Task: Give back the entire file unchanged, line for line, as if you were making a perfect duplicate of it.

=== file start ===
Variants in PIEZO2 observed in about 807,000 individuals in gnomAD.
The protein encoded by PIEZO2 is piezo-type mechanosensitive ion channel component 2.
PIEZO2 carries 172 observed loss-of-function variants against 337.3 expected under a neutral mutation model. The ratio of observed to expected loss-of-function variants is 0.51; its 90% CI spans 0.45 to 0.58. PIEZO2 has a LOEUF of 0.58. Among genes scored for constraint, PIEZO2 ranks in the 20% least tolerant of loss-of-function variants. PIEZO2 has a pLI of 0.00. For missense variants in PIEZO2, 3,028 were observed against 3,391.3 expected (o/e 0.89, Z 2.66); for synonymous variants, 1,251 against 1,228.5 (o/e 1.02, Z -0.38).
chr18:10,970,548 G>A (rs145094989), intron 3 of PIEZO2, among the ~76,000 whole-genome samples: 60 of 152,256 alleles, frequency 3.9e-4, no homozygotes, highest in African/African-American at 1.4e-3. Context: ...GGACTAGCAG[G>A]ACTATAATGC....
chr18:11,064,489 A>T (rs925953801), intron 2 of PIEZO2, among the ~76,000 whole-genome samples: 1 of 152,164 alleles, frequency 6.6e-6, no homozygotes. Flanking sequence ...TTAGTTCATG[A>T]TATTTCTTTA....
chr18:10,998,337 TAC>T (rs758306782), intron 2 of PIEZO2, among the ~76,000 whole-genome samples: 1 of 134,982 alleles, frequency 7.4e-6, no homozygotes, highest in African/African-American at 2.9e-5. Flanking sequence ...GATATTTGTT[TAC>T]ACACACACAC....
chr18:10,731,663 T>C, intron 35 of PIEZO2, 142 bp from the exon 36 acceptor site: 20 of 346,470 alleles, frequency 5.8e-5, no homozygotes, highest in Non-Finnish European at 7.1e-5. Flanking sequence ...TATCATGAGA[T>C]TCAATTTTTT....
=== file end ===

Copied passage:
Variants in PIEZO2 observed in about 807,000 individuals in gnomAD.
The protein encoded by PIEZO2 is piezo-type mechanosensitive ion channel component 2.
PIEZO2 carries 172 observed loss-of-function variants against 337.3 expected under a neutral mutation model. The ratio of observed to expected loss-of-function variants is 0.51; its 90% CI spans 0.45 to 0.58. PIEZO2 has a LOEUF of 0.58. Among genes scored for constraint, PIEZO2 ranks in the 20% least tolerant of loss-of-function variants. PIEZO2 has a pLI of 0.00. For missense variants in PIEZO2, 3,028 were observed against 3,391.3 expected (o/e 0.89, Z 2.66); for synonymous variants, 1,251 against 1,228.5 (o/e 1.02, Z -0.38).
chr18:10,970,548 G>A (rs145094989), intron 3 of PIEZO2, among the ~76,000 whole-genome samples: 60 of 152,256 alleles, frequency 3.9e-4, no homozygotes, highest in African/African-American at 1.4e-3. Context: ...GGACTAGCAG[G>A]ACTATAATGC....
chr18:11,064,489 A>T (rs925953801), intron 2 of PIEZO2, among the ~76,000 whole-genome samples: 1 of 152,164 alleles, frequency 6.6e-6, no homozygotes. Flanking sequence ...TTAGTTCATG[A>T]TATTTCTTTA....
chr18:10,998,337 TAC>T (rs758306782), intron 2 of PIEZO2, among the ~76,000 whole-genome samples: 1 of 134,982 alleles, frequency 7.4e-6, no homozygotes, highest in African/African-American at 2.9e-5. Flanking sequence ...GATATTTGTT[TAC>T]ACACACACAC....
chr18:10,731,663 T>C, intron 35 of PIEZO2, 142 bp from the exon 36 acceptor site: 20 of 346,470 alleles, frequency 5.8e-5, no homozygotes, highest in Non-Finnish European at 7.1e-5. Flanking sequence ...TATCATGAGA[T>C]TCAATTTTTT....